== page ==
Held over two years in July 2021 and August 2022, participants were invited to hack into two systems for the Bug Bounty programme — a smart lighting system and a mini-BMS system. It is a win-win situation: students could test their skills on real-world systems while cybersecurity companies could identify and address these vulnerabilities. System owners also benefitted from a strengthened operating system.
Facilitating learning in actual work environments
Besides collaborative initiatives, SIT also provides students and professionals with platforms to hone their skills, while also delivering benefits and results to companies in PDD that participate in these joint efforts. Its Integrated Work Study Programme (IWSP) and work-study scheme enable a mix of work and study, integrating institution-based learning with structured on-the-job training. The IWSP gives undergraduates a valuable opportunity to transition into their future jobs. For companies in PDD, these arrangements also allow them to scout for and secure talent with the skills needed to make an immediate impact on their businesses.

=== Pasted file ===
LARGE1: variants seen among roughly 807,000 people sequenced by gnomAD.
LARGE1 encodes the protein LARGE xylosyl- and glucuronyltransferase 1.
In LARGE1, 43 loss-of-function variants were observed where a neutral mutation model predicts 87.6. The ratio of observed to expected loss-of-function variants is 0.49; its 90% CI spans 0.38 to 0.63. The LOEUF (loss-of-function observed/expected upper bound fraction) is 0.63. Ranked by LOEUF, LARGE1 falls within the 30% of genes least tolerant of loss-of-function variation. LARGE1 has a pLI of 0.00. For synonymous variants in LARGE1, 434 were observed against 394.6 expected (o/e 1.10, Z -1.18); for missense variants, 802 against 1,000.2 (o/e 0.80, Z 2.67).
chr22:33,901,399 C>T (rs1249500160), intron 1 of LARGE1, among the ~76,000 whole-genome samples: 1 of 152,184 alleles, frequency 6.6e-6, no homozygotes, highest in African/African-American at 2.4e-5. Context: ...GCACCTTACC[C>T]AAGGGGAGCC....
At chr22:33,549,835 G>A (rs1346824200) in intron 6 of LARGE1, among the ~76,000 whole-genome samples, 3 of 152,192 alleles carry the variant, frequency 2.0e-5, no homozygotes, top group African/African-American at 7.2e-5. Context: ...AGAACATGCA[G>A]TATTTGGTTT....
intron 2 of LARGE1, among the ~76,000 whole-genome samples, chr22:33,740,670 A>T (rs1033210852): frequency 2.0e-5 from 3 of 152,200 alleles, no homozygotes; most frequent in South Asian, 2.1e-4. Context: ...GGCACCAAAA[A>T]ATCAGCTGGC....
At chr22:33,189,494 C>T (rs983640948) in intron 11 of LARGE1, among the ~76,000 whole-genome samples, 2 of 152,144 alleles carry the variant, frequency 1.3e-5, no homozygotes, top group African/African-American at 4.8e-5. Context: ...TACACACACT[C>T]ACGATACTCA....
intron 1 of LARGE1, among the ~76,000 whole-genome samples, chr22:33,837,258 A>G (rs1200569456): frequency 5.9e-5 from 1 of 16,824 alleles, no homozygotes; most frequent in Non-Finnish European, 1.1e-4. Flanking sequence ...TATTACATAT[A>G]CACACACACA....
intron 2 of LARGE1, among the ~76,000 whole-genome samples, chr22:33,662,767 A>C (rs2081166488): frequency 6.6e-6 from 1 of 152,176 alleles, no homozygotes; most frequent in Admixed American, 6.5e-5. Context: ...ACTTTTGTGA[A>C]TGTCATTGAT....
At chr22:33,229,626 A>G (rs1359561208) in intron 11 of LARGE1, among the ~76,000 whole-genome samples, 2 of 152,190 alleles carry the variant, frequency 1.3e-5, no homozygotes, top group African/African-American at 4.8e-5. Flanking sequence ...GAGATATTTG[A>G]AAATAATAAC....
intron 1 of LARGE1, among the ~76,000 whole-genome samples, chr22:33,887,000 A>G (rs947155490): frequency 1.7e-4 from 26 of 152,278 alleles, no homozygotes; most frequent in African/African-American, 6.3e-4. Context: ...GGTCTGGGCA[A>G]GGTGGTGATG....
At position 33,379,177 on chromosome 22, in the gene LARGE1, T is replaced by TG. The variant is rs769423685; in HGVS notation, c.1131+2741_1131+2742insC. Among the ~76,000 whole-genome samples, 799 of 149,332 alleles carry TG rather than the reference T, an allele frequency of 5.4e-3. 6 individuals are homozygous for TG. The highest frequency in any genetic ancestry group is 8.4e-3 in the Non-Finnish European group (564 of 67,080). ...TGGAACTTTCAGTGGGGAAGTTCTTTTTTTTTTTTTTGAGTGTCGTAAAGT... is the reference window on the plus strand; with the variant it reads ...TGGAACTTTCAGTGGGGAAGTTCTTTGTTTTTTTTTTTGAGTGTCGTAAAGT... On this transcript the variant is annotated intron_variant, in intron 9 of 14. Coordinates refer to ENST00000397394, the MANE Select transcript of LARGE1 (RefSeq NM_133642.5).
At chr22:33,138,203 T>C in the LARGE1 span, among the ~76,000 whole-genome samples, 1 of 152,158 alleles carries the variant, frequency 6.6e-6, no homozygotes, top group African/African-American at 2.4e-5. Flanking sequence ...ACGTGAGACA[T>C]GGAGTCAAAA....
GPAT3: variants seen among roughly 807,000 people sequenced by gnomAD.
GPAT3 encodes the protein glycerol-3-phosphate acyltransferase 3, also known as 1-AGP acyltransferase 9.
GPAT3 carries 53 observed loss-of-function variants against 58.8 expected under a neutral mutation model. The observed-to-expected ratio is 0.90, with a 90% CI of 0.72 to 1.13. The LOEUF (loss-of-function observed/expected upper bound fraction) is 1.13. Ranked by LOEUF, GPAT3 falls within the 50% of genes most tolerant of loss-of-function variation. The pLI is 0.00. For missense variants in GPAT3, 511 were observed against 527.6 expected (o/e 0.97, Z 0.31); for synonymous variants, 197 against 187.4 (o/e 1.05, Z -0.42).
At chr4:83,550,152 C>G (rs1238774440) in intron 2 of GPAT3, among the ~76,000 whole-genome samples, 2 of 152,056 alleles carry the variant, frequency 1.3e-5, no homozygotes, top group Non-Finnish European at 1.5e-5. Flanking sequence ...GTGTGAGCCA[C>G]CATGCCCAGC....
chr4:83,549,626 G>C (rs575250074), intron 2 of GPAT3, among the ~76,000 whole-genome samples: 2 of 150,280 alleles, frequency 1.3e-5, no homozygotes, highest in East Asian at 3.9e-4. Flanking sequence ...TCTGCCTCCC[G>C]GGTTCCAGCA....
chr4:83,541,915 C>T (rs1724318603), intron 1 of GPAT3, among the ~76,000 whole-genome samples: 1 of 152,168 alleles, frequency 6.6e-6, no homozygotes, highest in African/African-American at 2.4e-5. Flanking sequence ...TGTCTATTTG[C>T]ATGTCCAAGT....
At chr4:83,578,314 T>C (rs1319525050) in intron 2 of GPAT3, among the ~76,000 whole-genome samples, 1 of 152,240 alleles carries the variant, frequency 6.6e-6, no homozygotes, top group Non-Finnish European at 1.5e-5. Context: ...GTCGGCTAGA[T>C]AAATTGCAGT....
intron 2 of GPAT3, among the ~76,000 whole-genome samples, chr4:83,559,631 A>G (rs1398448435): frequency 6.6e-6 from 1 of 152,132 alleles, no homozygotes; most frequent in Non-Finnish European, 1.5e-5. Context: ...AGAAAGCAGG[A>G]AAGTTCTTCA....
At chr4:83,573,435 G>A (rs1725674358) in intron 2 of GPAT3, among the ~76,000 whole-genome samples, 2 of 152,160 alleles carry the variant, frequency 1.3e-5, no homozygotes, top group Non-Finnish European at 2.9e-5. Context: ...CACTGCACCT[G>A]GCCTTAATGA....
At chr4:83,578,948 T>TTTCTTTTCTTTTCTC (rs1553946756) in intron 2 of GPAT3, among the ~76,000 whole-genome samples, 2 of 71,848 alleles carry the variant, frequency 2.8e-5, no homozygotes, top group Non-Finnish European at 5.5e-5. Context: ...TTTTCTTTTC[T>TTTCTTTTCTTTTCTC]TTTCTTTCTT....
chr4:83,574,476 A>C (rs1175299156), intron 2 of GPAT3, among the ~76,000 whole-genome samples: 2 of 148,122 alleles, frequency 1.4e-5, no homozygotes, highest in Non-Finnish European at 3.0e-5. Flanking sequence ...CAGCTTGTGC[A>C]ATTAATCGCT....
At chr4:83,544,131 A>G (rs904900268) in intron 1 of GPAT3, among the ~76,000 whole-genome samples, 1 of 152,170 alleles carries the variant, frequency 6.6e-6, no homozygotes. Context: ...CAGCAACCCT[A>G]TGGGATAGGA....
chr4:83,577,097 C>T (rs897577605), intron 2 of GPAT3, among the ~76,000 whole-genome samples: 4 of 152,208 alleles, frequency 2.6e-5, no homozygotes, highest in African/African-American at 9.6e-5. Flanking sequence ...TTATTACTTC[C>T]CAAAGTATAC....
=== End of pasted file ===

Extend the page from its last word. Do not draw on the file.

The living labs will also be instrumental in boosting students’ work readiness. Already, one such living lab is materialising. In July 2022, ENGIE, a global leader in low carbon energy and services, signed a Memorandum of Understanding (MoU) with SIT to jointly develop a District Cooling System (DCS) Centre of Excellence.
The ENGIE-SIT District Cooling System Centre of Excellence will serve as a training ground for SIT students to learn about DCS and aspects of maintenance and energy efficiency in real-world conditions. The centre is an extension of the campus’ learning environment, complementing the collaborative research in cold thermal storage, air-side cooling distribution systems and cooling load management. Students, in turn, will acquire skillsets in data-driven optimisation, DCS decarbonisation and predictive maintenance. Local work attachment and commercial DCS development opportunities with ENGIE’s entities will also be offered through the IWSP.
These collaborations exemplify SIT’s efforts to adapt and change in an era of disruption. And being at PDD gives it a unique advantage where it can ensure that its curriculum and research projects are relevant and support the needs of ever-evolving industries.